A post by ILS team member Eric Kidwell:
I travel almost every week and sometimes there are problems that seem to create themselves. Staying at a La Quinta in Texas, I had to change rooms for reasons too long to explain here. My new room had an iron with a huge burn mark and I needed to iron my clothes for an early morning meeting. I tried washing it with soap and water, but to no avail. I called front desk at 430am, Colton answered nicely. I asked if there was any way he could bring me a new iron.
He said he was not sure, and asked if he could call me back. I hesitated because I am sensitive to waking my neighbors up at 4:30 AM with thin walls and a call back. But I said yes and sat right by the phone.
He called back and said sorry, I can’t find one. Nothing else. I said, well I need one to iron a shirt for a meeting, what else can we do? He said I could come by the front desk and he would give you me key and I could go iron my shirt in an unoccupied room. In other words, he wasn’t willing to step out from behind the desk at all. I could solve my own problem or it wasn’t going to get solved.
Picture me, walking down to the front desk with clothes over my shoulder and then walking back up to the elevators, into a spare room, doing my ironing, returning the key, then going back to get dressed. I’m not opposed to going the extra mile, but this was a little much. I suggested that maybe he could go into that unused room and get the iron and bring to me. I thought this was a good solution. And then? He hung up on me! He actually hung up on me!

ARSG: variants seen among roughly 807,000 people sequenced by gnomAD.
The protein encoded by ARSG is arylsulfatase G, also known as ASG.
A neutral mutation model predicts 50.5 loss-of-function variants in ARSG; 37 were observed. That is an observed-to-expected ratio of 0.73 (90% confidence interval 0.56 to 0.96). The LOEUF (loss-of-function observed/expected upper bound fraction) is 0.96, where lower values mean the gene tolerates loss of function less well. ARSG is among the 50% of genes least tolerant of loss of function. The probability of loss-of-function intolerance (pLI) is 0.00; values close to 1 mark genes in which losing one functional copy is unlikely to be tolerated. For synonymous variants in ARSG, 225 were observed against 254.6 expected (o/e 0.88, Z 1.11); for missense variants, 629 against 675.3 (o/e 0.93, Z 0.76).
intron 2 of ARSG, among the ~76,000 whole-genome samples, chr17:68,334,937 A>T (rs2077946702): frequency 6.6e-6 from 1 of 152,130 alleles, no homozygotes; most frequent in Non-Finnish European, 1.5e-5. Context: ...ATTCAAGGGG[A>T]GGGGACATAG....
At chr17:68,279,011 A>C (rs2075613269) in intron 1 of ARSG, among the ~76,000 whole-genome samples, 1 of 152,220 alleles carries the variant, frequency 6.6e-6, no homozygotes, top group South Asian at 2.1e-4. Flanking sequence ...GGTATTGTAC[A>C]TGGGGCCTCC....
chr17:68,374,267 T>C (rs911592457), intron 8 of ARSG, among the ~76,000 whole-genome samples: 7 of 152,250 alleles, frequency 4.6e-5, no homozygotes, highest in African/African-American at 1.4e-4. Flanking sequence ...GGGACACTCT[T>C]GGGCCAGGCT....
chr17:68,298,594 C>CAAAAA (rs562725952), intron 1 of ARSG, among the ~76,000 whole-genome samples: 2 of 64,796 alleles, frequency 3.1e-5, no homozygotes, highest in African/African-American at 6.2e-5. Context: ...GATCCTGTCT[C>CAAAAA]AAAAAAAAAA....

So I was left sitting in my room at 4:30 AM trying to figure out how to get ready for this important meeting. Next thing I hear is rustling outside my door. No knock. I open the door and a brand new iron in a box is at foot of my door. A few minutes later, a call from Colton, ” I left you an iron at your door” No hello, no sorry. Nothing.
I said thank you so much! Colton hangs up again.
What is the real problem here? The problem is that Colton was thinking of Colton first, not customer first. Now I have two very strong feelings. First, I feel like I have some kind of tag in their system that I’m a jerk just because I had the nerve to ask for a working iron. Secondly, I have a very bad feeling about La Quinta. One employee in one city who wasn’t willing to solve a customer problem with a smile and now a very frequent traveler will probably never stay at a La Quinta again.
This story boils down to the simple fact that every team member that works for your organization carries your brand with them. If Colton had immediately taken care of my issue, I would have been writing his (and La Quinta’s) praises. This story would be about how even when we don’t deliver to our customers (having a broken iron), we can create loyalty with great service recovery. Instead, this story is about how one team member can take a bad situation and make it much worse.